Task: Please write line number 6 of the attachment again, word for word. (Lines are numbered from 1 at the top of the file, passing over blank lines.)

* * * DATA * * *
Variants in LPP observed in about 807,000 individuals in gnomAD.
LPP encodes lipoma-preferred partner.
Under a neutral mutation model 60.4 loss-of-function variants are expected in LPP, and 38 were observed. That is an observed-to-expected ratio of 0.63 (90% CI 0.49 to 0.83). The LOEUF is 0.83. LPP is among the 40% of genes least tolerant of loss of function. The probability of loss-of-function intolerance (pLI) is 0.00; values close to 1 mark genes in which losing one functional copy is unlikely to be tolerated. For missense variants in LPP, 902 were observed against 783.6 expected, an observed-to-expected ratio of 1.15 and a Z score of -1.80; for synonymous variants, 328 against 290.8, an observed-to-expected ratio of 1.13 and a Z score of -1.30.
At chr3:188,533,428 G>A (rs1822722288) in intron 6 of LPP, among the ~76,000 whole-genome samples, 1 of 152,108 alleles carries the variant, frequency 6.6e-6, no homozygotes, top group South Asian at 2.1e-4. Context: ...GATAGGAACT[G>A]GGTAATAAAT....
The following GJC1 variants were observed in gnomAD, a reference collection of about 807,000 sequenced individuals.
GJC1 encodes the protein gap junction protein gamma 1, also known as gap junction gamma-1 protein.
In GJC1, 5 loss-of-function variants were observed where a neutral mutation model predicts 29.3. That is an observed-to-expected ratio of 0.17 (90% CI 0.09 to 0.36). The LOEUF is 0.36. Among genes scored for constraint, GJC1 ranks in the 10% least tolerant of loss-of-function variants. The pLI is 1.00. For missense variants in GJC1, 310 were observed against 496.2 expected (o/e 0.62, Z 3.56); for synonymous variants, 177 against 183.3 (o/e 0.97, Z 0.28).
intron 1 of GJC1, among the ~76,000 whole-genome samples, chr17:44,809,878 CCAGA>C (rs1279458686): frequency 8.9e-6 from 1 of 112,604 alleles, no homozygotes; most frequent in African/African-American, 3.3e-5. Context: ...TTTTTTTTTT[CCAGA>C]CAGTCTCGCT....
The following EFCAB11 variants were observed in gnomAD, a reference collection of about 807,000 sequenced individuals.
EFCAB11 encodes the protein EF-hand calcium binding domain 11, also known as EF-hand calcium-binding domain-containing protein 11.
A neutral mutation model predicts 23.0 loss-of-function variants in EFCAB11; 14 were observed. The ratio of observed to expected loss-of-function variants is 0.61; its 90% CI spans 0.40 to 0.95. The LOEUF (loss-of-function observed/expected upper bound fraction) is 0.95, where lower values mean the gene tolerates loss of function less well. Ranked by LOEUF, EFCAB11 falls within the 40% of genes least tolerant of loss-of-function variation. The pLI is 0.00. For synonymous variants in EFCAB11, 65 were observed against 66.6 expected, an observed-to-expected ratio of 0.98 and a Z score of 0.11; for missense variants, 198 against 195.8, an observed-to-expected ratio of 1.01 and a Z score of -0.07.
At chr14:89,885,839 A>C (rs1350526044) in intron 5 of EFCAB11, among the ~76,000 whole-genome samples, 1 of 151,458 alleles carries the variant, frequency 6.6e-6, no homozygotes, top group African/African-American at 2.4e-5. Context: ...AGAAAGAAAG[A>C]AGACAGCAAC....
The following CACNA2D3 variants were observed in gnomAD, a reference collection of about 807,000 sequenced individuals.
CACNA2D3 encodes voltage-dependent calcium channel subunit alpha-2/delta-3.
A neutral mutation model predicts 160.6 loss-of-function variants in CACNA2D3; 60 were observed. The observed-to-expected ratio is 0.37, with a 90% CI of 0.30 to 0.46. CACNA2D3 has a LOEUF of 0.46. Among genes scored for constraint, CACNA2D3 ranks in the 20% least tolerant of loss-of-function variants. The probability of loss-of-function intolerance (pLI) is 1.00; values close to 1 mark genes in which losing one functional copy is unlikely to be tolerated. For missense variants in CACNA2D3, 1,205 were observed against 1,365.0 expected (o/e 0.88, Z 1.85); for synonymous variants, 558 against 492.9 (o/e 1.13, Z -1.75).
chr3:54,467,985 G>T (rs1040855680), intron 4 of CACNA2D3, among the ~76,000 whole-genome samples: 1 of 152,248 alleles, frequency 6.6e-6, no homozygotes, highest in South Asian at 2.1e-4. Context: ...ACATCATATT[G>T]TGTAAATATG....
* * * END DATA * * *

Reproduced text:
GJC1 encodes the protein gap junction protein gamma 1, also known as gap junction gamma-1 protein.